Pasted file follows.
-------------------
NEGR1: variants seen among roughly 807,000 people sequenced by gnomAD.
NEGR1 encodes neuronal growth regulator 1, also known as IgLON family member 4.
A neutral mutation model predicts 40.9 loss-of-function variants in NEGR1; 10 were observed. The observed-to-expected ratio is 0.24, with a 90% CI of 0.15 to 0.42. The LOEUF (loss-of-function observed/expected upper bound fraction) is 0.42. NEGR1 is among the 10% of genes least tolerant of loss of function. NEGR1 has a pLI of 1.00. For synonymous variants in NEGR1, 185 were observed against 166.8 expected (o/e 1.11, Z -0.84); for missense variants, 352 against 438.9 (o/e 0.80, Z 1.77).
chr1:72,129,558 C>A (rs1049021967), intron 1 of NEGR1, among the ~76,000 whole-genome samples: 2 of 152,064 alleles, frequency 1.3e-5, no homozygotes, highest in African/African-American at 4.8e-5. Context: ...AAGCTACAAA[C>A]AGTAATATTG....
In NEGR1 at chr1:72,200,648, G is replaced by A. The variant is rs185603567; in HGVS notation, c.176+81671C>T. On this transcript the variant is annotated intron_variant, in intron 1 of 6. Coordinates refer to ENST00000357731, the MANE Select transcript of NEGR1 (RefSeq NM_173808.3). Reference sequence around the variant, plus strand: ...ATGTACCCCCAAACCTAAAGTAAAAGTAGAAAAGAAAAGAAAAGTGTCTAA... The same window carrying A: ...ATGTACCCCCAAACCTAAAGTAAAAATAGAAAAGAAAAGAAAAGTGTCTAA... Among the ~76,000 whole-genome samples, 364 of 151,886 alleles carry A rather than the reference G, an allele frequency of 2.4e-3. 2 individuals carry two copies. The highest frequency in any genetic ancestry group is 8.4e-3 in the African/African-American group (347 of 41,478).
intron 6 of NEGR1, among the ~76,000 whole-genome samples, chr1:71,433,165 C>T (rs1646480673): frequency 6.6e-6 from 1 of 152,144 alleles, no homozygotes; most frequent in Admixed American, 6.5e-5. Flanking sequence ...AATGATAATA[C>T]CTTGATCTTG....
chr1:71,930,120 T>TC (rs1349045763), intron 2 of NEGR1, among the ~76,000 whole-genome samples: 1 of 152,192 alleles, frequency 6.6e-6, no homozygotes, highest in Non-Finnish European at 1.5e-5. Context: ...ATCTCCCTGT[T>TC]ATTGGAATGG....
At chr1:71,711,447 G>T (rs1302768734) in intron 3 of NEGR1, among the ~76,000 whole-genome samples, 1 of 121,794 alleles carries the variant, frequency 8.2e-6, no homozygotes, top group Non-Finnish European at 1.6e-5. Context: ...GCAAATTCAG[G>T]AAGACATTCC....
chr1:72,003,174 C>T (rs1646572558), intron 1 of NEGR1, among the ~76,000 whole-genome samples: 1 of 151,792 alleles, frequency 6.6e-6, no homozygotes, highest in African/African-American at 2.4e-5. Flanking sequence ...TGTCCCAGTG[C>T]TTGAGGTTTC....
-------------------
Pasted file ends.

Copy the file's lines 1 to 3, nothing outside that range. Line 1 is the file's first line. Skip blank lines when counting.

NEGR1: variants seen among roughly 807,000 people sequenced by gnomAD.
NEGR1 encodes neuronal growth regulator 1, also known as IgLON family member 4.
A neutral mutation model predicts 40.9 loss-of-function variants in NEGR1; 10 were observed. The observed-to-expected ratio is 0.24, with a 90% CI of 0.15 to 0.42. The LOEUF (loss-of-function observed/expected upper bound fraction) is 0.42. NEGR1 is among the 10% of genes least tolerant of loss of function. NEGR1 has a pLI of 1.00. For synonymous variants in NEGR1, 185 were observed against 166.8 expected (o/e 1.11, Z -0.84); for missense variants, 352 against 438.9 (o/e 0.80, Z 1.77).